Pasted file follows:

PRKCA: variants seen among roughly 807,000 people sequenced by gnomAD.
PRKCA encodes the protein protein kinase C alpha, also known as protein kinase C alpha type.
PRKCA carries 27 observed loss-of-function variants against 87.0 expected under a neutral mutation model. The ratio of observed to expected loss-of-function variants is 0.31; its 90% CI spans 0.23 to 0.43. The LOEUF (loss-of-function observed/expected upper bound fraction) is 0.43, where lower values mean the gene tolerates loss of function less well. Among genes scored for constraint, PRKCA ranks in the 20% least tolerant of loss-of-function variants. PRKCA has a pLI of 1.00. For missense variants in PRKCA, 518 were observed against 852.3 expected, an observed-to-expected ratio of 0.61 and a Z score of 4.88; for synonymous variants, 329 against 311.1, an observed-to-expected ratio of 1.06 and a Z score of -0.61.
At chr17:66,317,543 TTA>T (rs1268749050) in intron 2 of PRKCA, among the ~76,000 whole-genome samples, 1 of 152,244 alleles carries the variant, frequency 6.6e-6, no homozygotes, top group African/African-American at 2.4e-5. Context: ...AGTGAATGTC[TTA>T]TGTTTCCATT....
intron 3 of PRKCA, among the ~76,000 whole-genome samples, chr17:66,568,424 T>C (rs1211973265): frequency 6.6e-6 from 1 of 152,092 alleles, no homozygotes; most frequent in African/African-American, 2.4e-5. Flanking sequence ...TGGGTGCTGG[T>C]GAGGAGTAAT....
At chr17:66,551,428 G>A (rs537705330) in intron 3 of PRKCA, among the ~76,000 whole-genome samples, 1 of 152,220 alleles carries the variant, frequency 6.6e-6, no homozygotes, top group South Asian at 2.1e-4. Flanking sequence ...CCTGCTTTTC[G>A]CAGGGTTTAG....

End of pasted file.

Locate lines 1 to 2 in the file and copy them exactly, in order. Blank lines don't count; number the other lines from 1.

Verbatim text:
PRKCA: variants seen among roughly 807,000 people sequenced by gnomAD.
PRKCA encodes the protein protein kinase C alpha, also known as protein kinase C alpha type.